On this issue, I side with the theorist. Whenever I confronted a post-modernist when I was in college, I as always very strong tempted to simply tell him, “Well, I have constructed a reality in which post-modernism is nonsense and noise. Which makes the proposition that post-modernism is nonsense ‘true for me’ – and, by your theory and mine, you have no basis on which to criticize me for that. So, since we both agree that you have nothing important or meaningful to say – since we both agree that you have no objective truth to convince me of, there is no reason for this conversation to continue.”
This response ties in with another of Harris’ criticism of religion – that it ends conversation. If a person believes that everything in their scripture is literally true, then there is no room for debate or discussion. The same applies to post-modernism. If there is no reality other than the reality each of us invents – what is ‘true for me’ – then there is no room for discussion. It represents a blanket permission for everybody to ignore anything that counts as evidence – because, what matters is whether it is ‘evidence for me’.
The one point that I want to make absolutely clear is that post-modernism is not and was not a ‘religion’ and has no ‘scripture’. You cannot attack this theory under the same umbrella as “religion is irrational an does horrible things to people’s way of thinking.” Non-religion can do the same thing. So, “The End of Faith” is not necessarily “The Beginning of Enlightenment.”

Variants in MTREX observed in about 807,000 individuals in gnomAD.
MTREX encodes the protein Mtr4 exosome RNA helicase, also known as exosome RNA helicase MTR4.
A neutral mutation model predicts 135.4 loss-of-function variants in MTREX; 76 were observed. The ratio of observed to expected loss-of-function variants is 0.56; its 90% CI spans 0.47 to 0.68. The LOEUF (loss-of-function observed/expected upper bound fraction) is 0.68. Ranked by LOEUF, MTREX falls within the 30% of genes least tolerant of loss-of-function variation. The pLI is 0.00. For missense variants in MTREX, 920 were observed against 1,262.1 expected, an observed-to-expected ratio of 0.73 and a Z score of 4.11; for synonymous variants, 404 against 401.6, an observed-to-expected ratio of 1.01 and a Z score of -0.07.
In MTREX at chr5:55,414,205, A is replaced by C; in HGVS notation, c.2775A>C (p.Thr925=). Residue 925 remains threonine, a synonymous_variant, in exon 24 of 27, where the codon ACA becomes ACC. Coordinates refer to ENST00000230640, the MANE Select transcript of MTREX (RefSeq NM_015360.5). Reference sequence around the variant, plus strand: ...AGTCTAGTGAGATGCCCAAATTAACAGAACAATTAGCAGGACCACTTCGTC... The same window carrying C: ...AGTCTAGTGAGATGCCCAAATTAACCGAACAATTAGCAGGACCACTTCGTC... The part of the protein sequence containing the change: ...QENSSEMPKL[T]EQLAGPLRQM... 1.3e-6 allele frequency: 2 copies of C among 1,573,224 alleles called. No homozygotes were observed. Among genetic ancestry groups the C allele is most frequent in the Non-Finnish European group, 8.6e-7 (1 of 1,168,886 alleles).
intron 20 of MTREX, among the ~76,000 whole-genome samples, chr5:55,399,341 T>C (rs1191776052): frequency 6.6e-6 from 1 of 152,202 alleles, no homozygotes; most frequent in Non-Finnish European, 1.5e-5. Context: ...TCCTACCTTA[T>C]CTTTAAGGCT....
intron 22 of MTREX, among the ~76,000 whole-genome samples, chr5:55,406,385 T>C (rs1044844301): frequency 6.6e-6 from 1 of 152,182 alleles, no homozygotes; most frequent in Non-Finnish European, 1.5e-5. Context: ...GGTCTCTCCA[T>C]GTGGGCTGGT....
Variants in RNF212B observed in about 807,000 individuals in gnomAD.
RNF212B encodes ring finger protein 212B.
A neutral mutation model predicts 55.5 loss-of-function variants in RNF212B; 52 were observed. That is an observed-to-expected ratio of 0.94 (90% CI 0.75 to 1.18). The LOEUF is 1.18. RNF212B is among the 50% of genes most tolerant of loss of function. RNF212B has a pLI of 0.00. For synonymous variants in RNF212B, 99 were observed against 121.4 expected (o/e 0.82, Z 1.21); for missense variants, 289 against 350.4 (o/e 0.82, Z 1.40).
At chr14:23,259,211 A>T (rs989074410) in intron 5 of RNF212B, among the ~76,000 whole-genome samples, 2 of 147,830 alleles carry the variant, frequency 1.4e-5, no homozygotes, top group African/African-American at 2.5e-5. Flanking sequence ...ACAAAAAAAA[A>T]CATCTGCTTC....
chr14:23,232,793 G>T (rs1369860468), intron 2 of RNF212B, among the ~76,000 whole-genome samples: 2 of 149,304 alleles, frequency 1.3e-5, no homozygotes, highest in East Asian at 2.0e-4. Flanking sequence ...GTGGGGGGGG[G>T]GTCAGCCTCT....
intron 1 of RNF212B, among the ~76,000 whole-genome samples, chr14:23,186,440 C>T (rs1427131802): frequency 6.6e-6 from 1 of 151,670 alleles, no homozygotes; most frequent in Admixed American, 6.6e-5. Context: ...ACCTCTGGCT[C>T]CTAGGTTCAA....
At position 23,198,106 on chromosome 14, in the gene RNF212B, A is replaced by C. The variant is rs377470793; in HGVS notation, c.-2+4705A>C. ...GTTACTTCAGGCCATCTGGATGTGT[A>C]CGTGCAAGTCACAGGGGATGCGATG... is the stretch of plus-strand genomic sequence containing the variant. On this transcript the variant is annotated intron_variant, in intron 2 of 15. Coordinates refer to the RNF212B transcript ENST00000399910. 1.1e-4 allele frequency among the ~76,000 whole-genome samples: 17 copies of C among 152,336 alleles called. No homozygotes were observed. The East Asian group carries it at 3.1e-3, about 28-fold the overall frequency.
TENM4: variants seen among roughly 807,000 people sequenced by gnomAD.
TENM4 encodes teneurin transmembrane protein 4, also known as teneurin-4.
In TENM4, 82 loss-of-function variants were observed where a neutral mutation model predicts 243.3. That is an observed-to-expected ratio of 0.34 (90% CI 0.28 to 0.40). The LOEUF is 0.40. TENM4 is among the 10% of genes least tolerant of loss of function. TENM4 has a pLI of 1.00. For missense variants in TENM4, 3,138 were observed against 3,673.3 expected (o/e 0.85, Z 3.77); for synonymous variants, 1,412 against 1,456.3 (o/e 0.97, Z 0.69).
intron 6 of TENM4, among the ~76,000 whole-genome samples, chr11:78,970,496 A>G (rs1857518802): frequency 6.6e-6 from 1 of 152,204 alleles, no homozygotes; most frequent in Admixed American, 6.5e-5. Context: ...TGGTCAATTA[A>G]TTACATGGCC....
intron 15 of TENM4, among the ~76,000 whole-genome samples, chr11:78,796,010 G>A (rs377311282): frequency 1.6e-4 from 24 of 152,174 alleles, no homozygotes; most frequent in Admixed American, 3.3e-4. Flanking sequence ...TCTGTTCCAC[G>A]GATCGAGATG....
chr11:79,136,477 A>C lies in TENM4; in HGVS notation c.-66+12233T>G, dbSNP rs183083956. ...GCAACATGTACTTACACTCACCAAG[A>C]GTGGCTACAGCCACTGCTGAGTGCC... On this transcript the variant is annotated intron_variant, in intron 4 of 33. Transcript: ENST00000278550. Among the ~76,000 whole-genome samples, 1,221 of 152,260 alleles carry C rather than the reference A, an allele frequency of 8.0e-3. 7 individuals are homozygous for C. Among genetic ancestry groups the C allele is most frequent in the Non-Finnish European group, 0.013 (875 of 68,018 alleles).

Harris also describes a ‘continuum’ of beliefs. He puts violent religious extremism in the center of a circle, and draws concentric circles of belief around it. Each circle ‘shields’ everybody in the circles that are smaller than itself. So, the religious conservative shields the religious extremist, the religious moderate shields both the extremist and the conservative. Even the religious liberal is guilty of sheltering the moderate, conservative, and extremist.
This ‘target’ analogy is not actually the more accurate. Instead, Harris is drawing a line – with his own views on one end, and religious extremism on the other. What he is saying is, “Anybody who stands on this line, closer to my opponent’s beliefs than I am, shall be regarded as ‘shielding’ my opponent from criticism. You are either with me – which means that you are standing with me on my end of the line, or you are with the terrorists. If you oppose me any way, then you are in bed with the terrorists.”
We have heard this rhetoric before – from President Bush. We still hear it from the Bush Administration, who tell us on a regular basis that anybody who does not give unquestioned support to the Bush Administration in this war on terror is giving aid and comfort to the terrorists.